Professor Eyre says one of the strengths of a city like Oxford is the number of partnerships that exist or can be formed between different organisations and groups.
‘The Low Carbon Hub, which is essentially a not-for-profit business, has been hugely effective in catalysing quite a lot of community-owned renewables projects and its beginning to work on energy efficiency projects.
‘The concept of the hub works fairly well in a place like Oxford because there’s loads of people with drive opinions and ideas. The council can help catalyse all sorts of other people to act, from major businesses to local communities.’
He adds he has already spoken to Southampton City Council’s chief scientific adviser, Professor AbuBakr Bahaj, who was appointed to the role in 2012 and in 2014 was named by the UK’s Science Council as one of the UK’s 100 leading practising scientists.
‘The focus will be trying to make sure that good advice gets into Oxford City Council’s zero carbon plans,’ adds Professor Eyre.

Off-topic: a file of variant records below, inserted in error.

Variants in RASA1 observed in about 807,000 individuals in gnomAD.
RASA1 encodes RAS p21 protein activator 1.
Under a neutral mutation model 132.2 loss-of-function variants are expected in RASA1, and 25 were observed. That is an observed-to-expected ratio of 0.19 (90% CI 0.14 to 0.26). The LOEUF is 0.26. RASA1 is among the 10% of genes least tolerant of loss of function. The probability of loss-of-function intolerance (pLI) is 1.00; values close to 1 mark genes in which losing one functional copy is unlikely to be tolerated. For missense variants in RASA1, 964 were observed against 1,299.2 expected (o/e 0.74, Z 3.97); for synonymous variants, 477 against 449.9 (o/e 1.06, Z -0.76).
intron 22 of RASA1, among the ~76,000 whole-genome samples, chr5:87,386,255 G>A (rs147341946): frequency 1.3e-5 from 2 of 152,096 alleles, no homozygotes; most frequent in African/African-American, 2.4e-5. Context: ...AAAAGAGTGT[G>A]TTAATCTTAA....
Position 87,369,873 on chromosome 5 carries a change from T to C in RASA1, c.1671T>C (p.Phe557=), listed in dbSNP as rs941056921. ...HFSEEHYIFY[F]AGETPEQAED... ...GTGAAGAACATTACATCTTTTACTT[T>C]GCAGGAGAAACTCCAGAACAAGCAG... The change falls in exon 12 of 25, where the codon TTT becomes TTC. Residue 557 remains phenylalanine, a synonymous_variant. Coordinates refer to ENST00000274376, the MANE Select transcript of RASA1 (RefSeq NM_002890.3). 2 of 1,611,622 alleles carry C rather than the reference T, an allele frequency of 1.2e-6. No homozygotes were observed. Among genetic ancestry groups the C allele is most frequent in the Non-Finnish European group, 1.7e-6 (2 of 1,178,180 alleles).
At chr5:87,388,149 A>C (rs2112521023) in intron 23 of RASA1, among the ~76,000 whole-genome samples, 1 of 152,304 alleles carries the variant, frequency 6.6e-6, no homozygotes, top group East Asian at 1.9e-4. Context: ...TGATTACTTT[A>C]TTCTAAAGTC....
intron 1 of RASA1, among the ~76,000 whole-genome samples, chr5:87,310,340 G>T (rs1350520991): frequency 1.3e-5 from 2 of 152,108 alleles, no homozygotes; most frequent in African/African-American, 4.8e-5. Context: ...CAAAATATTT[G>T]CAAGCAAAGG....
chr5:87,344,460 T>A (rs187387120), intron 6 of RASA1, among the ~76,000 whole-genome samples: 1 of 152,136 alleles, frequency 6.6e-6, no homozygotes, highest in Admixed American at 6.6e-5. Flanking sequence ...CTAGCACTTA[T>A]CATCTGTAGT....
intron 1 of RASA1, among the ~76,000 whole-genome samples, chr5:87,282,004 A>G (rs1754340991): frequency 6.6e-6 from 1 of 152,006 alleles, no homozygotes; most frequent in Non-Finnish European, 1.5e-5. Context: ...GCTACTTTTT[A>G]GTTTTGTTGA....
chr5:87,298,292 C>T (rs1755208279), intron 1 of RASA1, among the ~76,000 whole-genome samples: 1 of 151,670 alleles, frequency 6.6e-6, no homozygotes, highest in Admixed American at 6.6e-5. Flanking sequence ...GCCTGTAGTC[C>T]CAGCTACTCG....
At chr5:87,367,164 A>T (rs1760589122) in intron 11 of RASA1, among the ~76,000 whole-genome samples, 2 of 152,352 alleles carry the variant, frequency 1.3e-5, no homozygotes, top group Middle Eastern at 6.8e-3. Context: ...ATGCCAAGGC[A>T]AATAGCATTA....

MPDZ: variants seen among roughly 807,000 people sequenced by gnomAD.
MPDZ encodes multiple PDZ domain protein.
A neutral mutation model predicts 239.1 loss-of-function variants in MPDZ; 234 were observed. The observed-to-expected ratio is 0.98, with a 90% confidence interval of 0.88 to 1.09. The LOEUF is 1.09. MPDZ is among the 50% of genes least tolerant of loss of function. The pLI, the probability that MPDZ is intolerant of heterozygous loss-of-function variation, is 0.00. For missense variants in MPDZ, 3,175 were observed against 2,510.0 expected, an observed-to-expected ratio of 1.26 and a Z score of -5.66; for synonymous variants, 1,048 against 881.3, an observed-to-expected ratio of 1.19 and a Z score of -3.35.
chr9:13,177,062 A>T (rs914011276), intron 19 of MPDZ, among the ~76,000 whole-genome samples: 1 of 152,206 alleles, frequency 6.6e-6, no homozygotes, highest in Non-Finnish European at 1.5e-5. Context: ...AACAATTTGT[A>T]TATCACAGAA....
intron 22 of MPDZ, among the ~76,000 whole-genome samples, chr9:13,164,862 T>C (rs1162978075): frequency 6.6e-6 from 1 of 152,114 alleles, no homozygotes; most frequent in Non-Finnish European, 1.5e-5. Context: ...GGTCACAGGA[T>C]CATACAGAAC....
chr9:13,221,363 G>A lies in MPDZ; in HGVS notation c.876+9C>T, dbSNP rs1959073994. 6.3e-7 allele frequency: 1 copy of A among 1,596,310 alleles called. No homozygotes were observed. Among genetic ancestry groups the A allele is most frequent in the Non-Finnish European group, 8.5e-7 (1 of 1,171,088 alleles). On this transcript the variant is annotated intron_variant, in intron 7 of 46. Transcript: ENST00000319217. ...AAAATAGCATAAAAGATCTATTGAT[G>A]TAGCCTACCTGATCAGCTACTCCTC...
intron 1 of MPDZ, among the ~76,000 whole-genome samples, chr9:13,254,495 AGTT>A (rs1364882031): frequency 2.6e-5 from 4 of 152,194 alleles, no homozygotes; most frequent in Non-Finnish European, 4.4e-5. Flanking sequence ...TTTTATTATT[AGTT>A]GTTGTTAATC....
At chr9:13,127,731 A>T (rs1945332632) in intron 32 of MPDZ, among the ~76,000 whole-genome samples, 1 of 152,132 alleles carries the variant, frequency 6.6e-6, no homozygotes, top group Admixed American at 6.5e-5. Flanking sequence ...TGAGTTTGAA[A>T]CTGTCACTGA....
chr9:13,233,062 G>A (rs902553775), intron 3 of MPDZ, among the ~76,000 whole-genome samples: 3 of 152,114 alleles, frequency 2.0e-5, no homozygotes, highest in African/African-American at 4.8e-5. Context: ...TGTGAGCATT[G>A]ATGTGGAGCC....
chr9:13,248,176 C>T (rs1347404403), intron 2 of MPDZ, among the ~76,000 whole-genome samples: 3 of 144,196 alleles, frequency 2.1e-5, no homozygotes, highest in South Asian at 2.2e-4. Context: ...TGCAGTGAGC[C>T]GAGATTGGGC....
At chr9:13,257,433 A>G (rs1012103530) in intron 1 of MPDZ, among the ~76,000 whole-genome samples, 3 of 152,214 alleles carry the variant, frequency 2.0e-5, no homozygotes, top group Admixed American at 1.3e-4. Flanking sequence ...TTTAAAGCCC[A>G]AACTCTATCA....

Oxford City Council’s deputy leader and cabinet member for green transport and zero carbon Oxford, Cllr Tom Hayes, comments: ‘I am delighted to welcome Professor Nick Eyre to his role as Oxford City Council’s chief scientist.
‘Climate science has a vital role to play at the heart of the Council’s policy making, and Professor Eyre is a world-leading scientist who will provide the best advice. As chief scientist, Professor Eyre will strengthen this council’s evidence-based decision-making by bringing the scientific community and independent advice into our democratically elected council.
‘Having worked with our new chief scientist on the Oxford Citizens’ Assembly on Climate Change, and other business, I have seen first-hand his love for Oxford and his deep commitment to ensuring the city uses science effectively. I look forward to the city council receiving Professor Eyre’s forthright, independent, expert advice,’ added Cllr Hayes.
Photo Credit – Supplied by Oxford City Council